Perhaps the earliest clear reference to the coming resurrection in the Bible is found in the book of Job. When contemplating the fact that he is mortal, he places all his hope in a coming Redeemer:
“As for me, I know that my Redeemer lives, And at the last He will take His stand on the earth. Even after my skin is destroyed, Yet from my flesh I shall see God.”
The meaning seems obvious, but perhaps I am reading too much Christian teaching into this text. Wharton insists that “the traditional Christian conception of Christ as the ‘Redeemer’ of Job 19:25 simply won’t do.” He feels that assuming Job anticipates Christ’s redemption reads too much later theology into Job’s words. Instead, he argues that Job looks forward to being vindicated.
Yet Job’s words seem to say so much more here. He argues not that he is going to be vindicated in this life, but that he is going to see God in the next life. He expresses a hope not in survival after death, but in a complete restoration to bodily life. In short, he is predicting a resurrection. If that sounds too Christian to be acceptable, perhaps commentators need to come to grips with the fact that the Christian gospel is God’s plan for humanity from the beginning.
P. S. Johnston argues that Job may be referring to “vindication in the non-material world.” But, again, all one has to do is look at the text to see that Job’s hope was in a real resurrection, not some shadowy existence in a bodiless afterlife.
The text of Job 19:25-26 affirms three things:
1. Job knew his redeemer was alive.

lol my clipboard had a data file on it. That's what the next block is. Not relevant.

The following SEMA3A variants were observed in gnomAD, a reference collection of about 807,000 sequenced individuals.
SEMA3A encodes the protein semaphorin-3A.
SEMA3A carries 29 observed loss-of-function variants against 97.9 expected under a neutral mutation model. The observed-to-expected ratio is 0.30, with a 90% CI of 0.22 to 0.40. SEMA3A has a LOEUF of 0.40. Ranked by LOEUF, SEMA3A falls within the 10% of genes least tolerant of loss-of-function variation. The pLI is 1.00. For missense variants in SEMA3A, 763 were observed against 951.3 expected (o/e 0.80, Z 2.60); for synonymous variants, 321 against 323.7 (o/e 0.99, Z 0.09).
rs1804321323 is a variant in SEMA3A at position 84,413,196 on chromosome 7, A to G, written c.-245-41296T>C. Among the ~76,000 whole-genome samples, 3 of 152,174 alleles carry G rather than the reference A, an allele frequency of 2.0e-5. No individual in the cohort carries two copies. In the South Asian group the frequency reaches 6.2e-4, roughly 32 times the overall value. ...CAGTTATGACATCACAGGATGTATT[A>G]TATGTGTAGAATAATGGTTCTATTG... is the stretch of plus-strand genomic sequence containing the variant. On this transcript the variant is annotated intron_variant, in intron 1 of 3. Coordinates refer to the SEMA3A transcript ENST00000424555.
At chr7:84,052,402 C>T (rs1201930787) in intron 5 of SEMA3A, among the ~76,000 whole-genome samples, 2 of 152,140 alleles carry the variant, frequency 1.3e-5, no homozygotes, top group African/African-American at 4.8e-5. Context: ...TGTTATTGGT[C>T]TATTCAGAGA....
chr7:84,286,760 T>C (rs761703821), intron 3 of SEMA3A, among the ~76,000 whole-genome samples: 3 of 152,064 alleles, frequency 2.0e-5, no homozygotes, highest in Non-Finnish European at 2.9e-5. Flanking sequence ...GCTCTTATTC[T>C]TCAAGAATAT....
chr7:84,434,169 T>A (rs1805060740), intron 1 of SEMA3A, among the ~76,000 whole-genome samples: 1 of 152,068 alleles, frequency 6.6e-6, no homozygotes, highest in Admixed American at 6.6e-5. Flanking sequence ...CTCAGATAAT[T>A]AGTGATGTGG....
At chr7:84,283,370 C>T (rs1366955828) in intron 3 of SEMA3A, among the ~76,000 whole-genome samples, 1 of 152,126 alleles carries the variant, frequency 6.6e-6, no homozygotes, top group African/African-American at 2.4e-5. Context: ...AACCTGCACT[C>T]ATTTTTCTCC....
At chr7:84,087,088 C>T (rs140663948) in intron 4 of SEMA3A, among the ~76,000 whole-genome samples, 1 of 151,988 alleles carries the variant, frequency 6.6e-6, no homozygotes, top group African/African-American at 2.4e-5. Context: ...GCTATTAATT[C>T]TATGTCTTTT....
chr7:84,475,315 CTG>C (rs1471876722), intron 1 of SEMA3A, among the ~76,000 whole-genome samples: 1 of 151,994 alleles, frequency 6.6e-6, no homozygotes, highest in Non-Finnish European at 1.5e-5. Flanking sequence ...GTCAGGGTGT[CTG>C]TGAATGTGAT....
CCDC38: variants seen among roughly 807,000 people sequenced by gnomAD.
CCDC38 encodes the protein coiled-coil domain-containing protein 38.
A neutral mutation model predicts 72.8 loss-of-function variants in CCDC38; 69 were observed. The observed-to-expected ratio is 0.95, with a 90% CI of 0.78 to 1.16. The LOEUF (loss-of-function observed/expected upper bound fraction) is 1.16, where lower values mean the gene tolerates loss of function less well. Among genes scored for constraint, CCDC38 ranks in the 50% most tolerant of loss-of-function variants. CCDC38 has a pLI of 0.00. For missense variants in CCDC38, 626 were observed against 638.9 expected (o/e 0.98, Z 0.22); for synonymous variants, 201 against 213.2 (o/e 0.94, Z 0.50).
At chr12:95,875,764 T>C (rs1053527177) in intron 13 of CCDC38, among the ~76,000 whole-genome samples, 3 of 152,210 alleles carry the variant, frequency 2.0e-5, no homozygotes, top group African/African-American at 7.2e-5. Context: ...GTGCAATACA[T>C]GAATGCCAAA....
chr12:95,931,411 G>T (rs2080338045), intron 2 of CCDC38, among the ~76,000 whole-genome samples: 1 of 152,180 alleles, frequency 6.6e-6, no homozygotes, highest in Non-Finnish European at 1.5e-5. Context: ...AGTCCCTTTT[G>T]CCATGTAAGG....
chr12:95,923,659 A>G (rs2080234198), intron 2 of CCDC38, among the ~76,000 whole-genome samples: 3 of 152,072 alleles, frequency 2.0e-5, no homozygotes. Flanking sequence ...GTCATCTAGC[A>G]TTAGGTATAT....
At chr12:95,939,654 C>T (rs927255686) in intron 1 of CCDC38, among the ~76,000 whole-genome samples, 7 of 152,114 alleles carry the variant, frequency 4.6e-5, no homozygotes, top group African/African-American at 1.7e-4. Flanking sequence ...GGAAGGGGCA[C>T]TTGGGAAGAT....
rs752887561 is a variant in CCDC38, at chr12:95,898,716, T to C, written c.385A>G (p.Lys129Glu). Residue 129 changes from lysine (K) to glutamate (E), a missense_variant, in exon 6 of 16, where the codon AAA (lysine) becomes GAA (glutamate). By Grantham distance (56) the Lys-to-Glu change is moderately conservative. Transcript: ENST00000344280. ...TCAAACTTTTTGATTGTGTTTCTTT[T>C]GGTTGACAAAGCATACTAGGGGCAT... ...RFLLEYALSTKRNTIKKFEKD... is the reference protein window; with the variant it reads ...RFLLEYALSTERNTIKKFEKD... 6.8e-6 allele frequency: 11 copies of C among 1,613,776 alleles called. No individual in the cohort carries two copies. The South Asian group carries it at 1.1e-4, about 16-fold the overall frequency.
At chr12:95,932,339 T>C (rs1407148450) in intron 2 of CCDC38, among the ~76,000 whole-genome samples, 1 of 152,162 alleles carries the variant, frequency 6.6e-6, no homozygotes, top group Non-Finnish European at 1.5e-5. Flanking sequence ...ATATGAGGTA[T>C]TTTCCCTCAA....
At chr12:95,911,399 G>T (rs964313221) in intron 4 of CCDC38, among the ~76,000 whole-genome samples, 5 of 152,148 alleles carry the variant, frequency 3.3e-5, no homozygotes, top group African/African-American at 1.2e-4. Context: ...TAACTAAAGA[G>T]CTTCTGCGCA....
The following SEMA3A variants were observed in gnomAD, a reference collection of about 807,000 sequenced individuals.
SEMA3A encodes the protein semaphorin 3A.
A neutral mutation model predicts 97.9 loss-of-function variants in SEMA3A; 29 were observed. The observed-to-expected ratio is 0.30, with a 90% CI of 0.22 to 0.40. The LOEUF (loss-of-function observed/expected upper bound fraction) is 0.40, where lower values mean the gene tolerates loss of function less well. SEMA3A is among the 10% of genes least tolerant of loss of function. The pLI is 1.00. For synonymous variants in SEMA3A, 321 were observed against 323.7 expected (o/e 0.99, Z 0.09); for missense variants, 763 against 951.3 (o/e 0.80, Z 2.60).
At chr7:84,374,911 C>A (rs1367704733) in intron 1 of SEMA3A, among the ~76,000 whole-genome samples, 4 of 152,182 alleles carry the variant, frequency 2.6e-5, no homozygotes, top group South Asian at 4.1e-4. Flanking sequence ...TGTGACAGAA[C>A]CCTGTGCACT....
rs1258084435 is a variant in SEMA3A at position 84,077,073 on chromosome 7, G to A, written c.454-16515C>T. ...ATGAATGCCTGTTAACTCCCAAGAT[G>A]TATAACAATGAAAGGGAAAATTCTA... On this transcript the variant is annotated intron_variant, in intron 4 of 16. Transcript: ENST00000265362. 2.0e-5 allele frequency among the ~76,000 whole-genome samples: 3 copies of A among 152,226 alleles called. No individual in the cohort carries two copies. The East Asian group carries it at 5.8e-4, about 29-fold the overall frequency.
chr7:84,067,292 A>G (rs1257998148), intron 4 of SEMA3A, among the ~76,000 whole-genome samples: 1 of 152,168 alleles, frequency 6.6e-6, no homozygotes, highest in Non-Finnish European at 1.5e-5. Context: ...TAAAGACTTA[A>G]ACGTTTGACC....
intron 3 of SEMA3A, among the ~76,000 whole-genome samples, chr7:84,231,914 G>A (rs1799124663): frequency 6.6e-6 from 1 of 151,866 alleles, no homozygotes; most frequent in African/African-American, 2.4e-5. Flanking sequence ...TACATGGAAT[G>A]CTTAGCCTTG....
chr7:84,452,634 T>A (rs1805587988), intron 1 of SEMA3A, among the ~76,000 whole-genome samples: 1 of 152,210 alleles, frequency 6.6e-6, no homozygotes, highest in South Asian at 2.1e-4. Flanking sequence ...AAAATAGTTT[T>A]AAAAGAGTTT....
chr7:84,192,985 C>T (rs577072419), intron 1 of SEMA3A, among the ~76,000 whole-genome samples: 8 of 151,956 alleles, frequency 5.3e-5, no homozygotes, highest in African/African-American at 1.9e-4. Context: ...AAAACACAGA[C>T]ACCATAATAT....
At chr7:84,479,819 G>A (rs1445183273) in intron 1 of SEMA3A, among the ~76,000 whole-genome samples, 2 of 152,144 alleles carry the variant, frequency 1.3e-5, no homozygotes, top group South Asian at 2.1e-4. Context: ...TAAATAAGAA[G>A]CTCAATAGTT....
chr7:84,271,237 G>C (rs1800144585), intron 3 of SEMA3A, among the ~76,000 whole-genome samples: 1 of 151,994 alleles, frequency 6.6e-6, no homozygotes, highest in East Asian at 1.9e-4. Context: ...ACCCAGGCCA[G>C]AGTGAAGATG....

The word he used for redeemer was go’el. This word is the same used for a kinsman redeemer. In Ruth, it referred to a person living who had the answer to Ruth’s problem. Boaz was the one who made all the difference for Ruth and Naomi. If it were not for Boaz, Ruth’s story would have ended quite differently. Without rescue, there would have been no David, and no Jesus.
But that does not mean that Job assumed that his redeemer was a human being like him. His trust was in God. His hope was that from his flesh he would see God. The real person who would make a real difference for Job is God himself.
What Job affirms is that his own ability to stay alive is not the critical issue. What matters is that the Redeemer lives. Job had graduated from being like his miserable comforters. They were the “hands on” kind of people. They insisted that if there was a problem, there had to be something they could do about it. Job was learning that sometimes you have to take your hands off the situation and trust God. His confidence was not in his own ability to fix things, but in someone other than himself. He knew that he had a Redeemer, and it was not himself. Lahaye says that “regardless of the fate that would befall Job in the near future, he possessed confidence that God remained alive and well, and in perfect control of all creation.”
2. Job Knew that God would take action in the future.